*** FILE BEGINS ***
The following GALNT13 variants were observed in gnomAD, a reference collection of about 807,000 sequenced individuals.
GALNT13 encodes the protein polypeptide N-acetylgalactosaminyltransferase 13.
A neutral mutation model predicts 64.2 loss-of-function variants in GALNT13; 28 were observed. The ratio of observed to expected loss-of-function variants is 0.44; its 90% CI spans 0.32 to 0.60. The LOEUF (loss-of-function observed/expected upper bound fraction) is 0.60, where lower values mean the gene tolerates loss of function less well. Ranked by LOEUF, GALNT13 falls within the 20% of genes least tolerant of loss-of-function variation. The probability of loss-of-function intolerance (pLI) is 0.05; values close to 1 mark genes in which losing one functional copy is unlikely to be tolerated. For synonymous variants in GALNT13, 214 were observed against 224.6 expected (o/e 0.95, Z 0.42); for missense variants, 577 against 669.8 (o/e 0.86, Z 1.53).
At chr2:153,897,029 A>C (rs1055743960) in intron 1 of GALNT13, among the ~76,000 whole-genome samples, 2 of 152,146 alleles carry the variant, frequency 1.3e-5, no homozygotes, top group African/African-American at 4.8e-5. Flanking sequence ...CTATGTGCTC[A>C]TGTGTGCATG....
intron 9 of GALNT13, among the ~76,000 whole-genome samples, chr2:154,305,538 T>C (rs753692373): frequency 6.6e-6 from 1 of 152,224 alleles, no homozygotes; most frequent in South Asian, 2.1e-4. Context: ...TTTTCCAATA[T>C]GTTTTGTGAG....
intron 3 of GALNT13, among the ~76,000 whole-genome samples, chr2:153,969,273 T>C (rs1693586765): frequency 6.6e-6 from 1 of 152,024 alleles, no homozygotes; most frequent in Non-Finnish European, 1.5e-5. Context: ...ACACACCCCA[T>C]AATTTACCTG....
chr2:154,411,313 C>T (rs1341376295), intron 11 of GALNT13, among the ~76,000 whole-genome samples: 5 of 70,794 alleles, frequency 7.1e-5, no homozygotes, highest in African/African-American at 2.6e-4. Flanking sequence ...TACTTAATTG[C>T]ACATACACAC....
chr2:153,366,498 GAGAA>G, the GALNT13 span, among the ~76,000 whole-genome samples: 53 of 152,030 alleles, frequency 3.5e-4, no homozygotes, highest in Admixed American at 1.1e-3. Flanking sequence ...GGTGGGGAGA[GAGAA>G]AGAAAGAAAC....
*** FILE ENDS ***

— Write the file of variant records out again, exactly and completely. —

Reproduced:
The following GALNT13 variants were observed in gnomAD, a reference collection of about 807,000 sequenced individuals.
GALNT13 encodes the protein polypeptide N-acetylgalactosaminyltransferase 13.
A neutral mutation model predicts 64.2 loss-of-function variants in GALNT13; 28 were observed. The ratio of observed to expected loss-of-function variants is 0.44; its 90% CI spans 0.32 to 0.60. The LOEUF (loss-of-function observed/expected upper bound fraction) is 0.60, where lower values mean the gene tolerates loss of function less well. Ranked by LOEUF, GALNT13 falls within the 20% of genes least tolerant of loss-of-function variation. The probability of loss-of-function intolerance (pLI) is 0.05; values close to 1 mark genes in which losing one functional copy is unlikely to be tolerated. For synonymous variants in GALNT13, 214 were observed against 224.6 expected (o/e 0.95, Z 0.42); for missense variants, 577 against 669.8 (o/e 0.86, Z 1.53).
At chr2:153,897,029 A>C (rs1055743960) in intron 1 of GALNT13, among the ~76,000 whole-genome samples, 2 of 152,146 alleles carry the variant, frequency 1.3e-5, no homozygotes, top group African/African-American at 4.8e-5. Flanking sequence ...CTATGTGCTC[A>C]TGTGTGCATG....
intron 9 of GALNT13, among the ~76,000 whole-genome samples, chr2:154,305,538 T>C (rs753692373): frequency 6.6e-6 from 1 of 152,224 alleles, no homozygotes; most frequent in South Asian, 2.1e-4. Context: ...TTTTCCAATA[T>C]GTTTTGTGAG....
intron 3 of GALNT13, among the ~76,000 whole-genome samples, chr2:153,969,273 T>C (rs1693586765): frequency 6.6e-6 from 1 of 152,024 alleles, no homozygotes; most frequent in Non-Finnish European, 1.5e-5. Context: ...ACACACCCCA[T>C]AATTTACCTG....
chr2:154,411,313 C>T (rs1341376295), intron 11 of GALNT13, among the ~76,000 whole-genome samples: 5 of 70,794 alleles, frequency 7.1e-5, no homozygotes, highest in African/African-American at 2.6e-4. Flanking sequence ...TACTTAATTG[C>T]ACATACACAC....
chr2:153,366,498 GAGAA>G, the GALNT13 span, among the ~76,000 whole-genome samples: 53 of 152,030 alleles, frequency 3.5e-4, no homozygotes, highest in Admixed American at 1.1e-3. Flanking sequence ...GGTGGGGAGA[GAGAA>G]AGAAAGAAAC....